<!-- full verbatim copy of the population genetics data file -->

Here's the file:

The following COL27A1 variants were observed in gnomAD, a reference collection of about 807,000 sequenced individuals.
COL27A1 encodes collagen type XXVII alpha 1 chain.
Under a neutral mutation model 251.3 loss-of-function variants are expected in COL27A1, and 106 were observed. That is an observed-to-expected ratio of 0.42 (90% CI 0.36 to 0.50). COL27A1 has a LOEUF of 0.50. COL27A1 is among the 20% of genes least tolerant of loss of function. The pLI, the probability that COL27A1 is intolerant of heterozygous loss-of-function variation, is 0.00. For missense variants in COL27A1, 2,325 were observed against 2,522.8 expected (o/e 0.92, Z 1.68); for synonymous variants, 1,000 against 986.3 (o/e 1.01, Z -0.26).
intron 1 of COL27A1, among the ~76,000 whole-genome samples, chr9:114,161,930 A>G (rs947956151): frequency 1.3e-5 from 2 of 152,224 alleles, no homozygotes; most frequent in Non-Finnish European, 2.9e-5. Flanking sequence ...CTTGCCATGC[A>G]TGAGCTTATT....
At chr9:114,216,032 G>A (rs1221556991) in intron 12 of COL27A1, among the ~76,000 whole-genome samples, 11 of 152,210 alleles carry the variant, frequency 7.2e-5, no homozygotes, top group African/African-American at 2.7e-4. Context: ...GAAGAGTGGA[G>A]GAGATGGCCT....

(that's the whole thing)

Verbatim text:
The following COL27A1 variants were observed in gnomAD, a reference collection of about 807,000 sequenced individuals.
COL27A1 encodes collagen type XXVII alpha 1 chain.
Under a neutral mutation model 251.3 loss-of-function variants are expected in COL27A1, and 106 were observed. That is an observed-to-expected ratio of 0.42 (90% CI 0.36 to 0.50). COL27A1 has a LOEUF of 0.50. COL27A1 is among the 20% of genes least tolerant of loss of function. The pLI, the probability that COL27A1 is intolerant of heterozygous loss-of-function variation, is 0.00. For missense variants in COL27A1, 2,325 were observed against 2,522.8 expected (o/e 0.92, Z 1.68); for synonymous variants, 1,000 against 986.3 (o/e 1.01, Z -0.26).
intron 1 of COL27A1, among the ~76,000 whole-genome samples, chr9:114,161,930 A>G (rs947956151): frequency 1.3e-5 from 2 of 152,224 alleles, no homozygotes; most frequent in Non-Finnish European, 2.9e-5. Flanking sequence ...CTTGCCATGC[A>G]TGAGCTTATT....
At chr9:114,216,032 G>A (rs1221556991) in intron 12 of COL27A1, among the ~76,000 whole-genome samples, 11 of 152,210 alleles carry the variant, frequency 7.2e-5, no homozygotes, top group African/African-American at 2.7e-4. Context: ...GAAGAGTGGA[G>A]GAGATGGCCT....